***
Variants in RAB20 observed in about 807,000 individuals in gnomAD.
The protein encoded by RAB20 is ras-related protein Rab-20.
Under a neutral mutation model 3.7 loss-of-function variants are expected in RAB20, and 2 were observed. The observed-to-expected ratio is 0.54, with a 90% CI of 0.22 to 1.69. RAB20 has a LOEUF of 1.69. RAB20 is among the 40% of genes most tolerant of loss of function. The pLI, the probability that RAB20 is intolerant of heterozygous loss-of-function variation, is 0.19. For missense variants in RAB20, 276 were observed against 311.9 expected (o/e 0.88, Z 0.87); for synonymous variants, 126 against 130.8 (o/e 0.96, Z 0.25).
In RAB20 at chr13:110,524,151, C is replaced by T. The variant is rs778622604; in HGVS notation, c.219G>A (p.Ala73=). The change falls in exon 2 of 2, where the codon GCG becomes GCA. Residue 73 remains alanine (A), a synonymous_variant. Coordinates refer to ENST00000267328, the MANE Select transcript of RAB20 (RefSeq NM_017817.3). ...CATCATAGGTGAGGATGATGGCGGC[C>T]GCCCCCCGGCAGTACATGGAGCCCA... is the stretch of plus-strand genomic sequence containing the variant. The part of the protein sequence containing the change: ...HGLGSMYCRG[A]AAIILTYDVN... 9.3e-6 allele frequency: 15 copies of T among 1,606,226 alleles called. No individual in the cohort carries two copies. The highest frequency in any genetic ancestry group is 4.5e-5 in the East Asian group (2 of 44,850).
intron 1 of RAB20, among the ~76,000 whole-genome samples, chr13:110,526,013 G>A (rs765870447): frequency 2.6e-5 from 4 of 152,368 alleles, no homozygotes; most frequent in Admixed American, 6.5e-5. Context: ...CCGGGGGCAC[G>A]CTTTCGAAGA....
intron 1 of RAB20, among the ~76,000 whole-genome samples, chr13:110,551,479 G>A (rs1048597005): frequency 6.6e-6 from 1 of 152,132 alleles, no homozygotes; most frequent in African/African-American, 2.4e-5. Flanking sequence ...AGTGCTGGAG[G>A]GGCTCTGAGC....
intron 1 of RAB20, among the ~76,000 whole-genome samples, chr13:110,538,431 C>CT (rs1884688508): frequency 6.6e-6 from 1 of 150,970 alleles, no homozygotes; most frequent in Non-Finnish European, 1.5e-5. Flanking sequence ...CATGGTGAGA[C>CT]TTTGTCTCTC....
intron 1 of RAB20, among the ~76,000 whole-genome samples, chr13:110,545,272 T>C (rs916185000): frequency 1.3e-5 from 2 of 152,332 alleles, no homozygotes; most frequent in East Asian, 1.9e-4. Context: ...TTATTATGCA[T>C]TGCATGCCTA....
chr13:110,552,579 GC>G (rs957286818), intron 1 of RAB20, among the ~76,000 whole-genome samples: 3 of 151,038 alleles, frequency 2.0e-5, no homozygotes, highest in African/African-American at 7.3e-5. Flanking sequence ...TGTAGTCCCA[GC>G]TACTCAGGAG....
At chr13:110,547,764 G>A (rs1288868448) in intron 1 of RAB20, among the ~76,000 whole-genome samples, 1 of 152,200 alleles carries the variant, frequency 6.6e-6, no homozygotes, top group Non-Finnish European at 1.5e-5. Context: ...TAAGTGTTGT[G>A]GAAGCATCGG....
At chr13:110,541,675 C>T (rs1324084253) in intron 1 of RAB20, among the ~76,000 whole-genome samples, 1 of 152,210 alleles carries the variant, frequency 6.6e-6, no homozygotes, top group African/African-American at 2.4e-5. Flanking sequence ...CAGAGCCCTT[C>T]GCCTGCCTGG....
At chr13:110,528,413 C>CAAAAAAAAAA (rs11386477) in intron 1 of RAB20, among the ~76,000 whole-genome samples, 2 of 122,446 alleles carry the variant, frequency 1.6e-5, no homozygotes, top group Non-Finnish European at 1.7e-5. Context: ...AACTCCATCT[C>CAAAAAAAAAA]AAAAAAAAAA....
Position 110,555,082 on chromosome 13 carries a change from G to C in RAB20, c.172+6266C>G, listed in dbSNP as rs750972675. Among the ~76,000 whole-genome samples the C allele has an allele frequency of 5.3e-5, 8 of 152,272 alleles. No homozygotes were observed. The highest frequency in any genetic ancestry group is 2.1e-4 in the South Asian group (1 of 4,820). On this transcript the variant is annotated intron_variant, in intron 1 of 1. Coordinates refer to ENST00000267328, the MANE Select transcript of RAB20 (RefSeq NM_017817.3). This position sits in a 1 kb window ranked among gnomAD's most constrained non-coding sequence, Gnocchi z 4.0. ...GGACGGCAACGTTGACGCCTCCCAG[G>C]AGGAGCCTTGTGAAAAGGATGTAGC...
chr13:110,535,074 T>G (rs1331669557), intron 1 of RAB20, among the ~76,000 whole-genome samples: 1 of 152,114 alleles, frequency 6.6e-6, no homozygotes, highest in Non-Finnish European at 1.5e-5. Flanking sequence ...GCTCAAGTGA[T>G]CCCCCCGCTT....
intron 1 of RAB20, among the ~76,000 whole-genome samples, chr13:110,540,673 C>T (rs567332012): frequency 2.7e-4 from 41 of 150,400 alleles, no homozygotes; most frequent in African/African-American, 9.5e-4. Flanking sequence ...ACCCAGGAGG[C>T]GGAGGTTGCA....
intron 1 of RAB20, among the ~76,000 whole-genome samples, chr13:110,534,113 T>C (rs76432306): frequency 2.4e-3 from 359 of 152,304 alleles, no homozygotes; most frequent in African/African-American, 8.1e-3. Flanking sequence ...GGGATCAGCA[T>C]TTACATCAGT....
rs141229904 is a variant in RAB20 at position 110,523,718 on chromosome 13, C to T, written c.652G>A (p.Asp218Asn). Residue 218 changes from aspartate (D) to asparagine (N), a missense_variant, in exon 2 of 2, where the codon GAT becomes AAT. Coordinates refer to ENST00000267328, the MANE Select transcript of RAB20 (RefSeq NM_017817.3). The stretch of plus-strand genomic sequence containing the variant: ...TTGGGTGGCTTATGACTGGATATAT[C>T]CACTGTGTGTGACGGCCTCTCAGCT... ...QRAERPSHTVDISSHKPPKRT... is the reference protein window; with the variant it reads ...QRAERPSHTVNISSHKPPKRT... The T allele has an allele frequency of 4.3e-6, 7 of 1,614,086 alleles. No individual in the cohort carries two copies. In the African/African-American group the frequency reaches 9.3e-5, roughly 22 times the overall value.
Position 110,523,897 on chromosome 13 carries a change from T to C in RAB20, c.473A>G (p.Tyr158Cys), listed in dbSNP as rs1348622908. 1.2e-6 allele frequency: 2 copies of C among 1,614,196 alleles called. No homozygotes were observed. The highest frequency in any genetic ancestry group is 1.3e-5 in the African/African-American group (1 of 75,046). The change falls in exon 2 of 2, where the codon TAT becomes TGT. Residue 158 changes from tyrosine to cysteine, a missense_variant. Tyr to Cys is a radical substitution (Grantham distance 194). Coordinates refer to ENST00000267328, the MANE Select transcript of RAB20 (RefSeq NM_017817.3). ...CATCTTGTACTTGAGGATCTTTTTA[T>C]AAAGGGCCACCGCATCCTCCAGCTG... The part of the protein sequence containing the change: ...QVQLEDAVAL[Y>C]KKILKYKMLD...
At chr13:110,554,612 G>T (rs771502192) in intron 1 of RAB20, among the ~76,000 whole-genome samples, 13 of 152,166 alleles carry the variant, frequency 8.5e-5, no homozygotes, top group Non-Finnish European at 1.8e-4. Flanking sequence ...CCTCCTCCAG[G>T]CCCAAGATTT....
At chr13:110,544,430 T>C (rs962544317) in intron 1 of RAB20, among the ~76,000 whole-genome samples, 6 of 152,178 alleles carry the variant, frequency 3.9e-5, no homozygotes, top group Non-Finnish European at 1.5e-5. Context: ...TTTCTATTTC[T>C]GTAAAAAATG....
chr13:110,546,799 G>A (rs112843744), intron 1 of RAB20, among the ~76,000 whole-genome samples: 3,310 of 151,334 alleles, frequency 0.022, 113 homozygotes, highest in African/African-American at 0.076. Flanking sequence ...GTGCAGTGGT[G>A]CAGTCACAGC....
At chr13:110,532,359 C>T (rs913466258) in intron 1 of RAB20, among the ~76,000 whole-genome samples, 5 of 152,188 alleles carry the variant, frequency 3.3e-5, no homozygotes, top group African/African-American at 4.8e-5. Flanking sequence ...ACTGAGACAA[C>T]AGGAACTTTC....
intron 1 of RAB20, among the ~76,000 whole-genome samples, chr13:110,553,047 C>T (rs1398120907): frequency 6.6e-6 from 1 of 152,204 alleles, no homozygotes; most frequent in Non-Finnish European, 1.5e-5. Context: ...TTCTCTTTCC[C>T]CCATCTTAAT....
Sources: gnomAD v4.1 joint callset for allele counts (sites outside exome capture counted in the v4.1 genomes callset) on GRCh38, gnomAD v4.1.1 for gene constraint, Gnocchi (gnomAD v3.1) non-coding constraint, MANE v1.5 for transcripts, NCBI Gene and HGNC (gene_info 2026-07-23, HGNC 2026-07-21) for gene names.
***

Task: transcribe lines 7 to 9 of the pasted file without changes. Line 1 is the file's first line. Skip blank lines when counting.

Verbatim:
intron 1 of RAB20, among the ~76,000 whole-genome samples, chr13:110,538,431 C>CT (rs1884688508): frequency 6.6e-6 from 1 of 150,970 alleles, no homozygotes; most frequent in Non-Finnish European, 1.5e-5. Flanking sequence ...CATGGTGAGA[C>CT]TTTGTCTCTC....
intron 1 of RAB20, among the ~76,000 whole-genome samples, chr13:110,545,272 T>C (rs916185000): frequency 1.3e-5 from 2 of 152,332 alleles, no homozygotes; most frequent in East Asian, 1.9e-4. Context: ...TTATTATGCA[T>C]TGCATGCCTA....
chr13:110,552,579 GC>G (rs957286818), intron 1 of RAB20, among the ~76,000 whole-genome samples: 3 of 151,038 alleles, frequency 2.0e-5, no homozygotes, highest in African/African-American at 7.3e-5. Flanking sequence ...TGTAGTCCCA[GC>G]TACTCAGGAG....